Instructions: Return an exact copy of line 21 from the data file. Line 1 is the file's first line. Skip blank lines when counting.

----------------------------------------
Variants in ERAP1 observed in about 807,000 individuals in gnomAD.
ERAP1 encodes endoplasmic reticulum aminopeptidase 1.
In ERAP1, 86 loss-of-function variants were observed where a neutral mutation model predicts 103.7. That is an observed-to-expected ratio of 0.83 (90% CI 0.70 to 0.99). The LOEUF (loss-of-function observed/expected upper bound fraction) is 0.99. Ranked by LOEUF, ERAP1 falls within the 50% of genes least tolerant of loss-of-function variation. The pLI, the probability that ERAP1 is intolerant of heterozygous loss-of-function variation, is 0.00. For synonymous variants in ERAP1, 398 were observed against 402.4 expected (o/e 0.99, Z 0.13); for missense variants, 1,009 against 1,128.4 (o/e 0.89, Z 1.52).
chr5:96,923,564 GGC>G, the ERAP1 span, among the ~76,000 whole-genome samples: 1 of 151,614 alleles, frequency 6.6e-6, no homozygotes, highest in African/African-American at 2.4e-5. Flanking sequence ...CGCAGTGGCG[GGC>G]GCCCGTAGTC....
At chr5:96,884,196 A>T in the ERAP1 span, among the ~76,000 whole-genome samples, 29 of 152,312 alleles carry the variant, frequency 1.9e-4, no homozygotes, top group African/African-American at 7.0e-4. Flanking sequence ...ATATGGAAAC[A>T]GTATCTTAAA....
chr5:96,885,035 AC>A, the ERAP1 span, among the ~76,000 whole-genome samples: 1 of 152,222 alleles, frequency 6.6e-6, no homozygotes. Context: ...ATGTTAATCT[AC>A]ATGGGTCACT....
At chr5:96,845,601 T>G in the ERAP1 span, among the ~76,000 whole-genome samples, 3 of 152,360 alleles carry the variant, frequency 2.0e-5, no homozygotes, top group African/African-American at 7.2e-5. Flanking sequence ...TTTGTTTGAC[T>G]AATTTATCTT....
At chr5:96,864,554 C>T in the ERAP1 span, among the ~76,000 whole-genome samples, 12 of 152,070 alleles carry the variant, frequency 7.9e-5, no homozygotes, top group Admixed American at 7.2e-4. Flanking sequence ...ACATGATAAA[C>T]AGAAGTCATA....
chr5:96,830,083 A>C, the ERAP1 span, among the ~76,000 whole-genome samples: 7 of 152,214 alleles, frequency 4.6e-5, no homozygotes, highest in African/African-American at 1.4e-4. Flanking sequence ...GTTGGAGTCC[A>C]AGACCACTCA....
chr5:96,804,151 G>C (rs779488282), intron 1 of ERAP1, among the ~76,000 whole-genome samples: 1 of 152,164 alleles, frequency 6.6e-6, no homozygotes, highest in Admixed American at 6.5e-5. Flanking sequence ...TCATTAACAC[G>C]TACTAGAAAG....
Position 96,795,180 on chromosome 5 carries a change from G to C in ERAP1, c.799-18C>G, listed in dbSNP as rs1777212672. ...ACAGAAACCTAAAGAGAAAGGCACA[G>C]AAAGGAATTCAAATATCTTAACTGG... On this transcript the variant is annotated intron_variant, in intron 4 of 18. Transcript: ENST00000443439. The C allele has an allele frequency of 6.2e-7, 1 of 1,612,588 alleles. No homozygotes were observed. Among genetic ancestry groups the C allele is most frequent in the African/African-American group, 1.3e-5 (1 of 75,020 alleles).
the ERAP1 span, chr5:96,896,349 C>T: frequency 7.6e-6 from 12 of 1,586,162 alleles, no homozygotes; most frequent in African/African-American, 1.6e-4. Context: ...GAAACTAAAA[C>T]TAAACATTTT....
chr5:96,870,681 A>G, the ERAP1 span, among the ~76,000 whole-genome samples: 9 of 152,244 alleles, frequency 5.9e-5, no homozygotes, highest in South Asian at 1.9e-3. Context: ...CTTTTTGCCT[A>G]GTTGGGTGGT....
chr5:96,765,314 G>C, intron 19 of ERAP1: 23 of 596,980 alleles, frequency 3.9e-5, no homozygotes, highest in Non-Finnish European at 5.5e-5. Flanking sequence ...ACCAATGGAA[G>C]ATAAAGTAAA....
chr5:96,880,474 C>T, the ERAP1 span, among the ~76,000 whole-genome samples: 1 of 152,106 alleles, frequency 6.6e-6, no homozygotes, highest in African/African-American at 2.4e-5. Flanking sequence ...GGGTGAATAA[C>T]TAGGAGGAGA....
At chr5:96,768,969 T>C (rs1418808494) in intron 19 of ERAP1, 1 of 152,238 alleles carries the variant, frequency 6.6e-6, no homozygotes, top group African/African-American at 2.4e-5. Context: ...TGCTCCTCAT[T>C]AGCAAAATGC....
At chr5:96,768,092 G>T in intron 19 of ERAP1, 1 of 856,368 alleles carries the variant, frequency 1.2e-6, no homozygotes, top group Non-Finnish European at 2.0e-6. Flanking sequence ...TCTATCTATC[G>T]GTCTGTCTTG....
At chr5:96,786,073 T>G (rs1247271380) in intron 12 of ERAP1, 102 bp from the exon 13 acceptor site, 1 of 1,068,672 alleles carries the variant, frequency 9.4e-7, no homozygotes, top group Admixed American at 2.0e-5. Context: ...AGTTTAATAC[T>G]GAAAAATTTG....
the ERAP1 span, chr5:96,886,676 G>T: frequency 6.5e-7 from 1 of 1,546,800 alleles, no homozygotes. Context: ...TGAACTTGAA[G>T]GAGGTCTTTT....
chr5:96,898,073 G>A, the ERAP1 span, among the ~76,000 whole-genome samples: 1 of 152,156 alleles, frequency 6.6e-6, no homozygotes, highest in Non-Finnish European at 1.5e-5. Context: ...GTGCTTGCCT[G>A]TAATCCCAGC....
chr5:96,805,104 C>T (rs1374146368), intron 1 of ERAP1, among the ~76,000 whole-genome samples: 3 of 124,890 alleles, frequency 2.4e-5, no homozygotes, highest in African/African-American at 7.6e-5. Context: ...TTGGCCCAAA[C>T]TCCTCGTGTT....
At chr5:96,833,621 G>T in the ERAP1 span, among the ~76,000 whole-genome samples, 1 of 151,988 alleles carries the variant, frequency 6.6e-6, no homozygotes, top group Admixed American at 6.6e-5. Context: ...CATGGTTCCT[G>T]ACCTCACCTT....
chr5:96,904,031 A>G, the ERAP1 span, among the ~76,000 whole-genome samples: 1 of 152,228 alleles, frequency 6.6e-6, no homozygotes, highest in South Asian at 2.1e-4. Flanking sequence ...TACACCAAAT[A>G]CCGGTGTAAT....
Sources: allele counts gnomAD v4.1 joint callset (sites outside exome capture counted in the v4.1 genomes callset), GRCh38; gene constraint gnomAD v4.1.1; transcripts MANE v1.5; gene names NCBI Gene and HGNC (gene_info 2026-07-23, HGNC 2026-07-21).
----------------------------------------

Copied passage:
chr5:96,805,104 C>T (rs1374146368), intron 1 of ERAP1, among the ~76,000 whole-genome samples: 3 of 124,890 alleles, frequency 2.4e-5, no homozygotes, highest in African/African-American at 7.6e-5. Context: ...TTGGCCCAAA[C>T]TCCTCGTGTT....